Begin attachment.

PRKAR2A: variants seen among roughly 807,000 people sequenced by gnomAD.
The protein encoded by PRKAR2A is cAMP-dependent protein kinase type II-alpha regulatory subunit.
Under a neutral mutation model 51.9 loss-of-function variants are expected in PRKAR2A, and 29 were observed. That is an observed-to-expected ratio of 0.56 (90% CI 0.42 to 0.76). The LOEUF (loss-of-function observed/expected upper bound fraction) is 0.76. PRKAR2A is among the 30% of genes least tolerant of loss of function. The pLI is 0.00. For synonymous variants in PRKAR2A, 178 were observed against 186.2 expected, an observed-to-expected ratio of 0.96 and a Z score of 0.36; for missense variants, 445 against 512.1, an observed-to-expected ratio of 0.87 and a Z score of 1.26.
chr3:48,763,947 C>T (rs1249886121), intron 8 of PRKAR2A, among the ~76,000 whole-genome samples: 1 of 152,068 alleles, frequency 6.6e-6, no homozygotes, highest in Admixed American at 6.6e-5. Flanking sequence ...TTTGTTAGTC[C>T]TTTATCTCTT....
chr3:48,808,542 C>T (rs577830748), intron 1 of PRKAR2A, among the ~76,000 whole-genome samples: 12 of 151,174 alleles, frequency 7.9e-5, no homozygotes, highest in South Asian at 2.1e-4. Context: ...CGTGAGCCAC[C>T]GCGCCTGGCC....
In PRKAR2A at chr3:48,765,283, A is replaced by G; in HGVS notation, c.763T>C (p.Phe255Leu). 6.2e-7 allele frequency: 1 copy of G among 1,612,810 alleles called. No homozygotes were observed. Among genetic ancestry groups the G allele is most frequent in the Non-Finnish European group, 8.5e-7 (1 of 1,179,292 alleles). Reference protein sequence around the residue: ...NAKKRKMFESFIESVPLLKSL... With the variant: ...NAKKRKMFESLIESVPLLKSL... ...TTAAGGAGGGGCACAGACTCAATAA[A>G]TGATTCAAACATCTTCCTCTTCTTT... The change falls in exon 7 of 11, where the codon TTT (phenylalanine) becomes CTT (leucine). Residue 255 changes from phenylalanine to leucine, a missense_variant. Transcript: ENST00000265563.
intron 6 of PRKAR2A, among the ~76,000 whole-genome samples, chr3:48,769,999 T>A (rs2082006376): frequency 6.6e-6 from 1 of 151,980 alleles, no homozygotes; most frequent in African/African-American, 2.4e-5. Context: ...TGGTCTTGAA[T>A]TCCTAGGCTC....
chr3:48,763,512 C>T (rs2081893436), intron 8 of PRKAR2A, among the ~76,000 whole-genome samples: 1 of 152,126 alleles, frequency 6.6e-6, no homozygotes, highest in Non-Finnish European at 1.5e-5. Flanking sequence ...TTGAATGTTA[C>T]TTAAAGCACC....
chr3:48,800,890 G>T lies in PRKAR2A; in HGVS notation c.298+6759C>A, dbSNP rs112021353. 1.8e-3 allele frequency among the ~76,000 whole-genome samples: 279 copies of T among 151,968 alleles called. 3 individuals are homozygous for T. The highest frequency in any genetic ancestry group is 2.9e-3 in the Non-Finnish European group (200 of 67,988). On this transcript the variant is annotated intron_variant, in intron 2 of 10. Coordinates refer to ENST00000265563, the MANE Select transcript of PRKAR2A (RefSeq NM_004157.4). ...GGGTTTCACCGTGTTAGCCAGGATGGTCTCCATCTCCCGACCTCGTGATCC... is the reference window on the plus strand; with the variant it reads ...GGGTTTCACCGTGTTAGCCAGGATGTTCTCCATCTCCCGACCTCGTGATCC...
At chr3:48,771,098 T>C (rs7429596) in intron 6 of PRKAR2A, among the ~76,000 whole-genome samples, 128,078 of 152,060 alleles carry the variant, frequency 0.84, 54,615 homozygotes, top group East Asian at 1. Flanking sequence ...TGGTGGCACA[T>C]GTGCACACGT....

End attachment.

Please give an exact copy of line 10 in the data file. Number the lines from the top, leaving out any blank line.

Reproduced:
At chr3:48,771,098 T>C (rs7429596) in intron 6 of PRKAR2A, among the ~76,000 whole-genome samples, 128,078 of 152,060 alleles carry the variant, frequency 0.84, 54,615 homozygotes, top group East Asian at 1. Flanking sequence ...TGGTGGCACA[T>C]GTGCACACGT....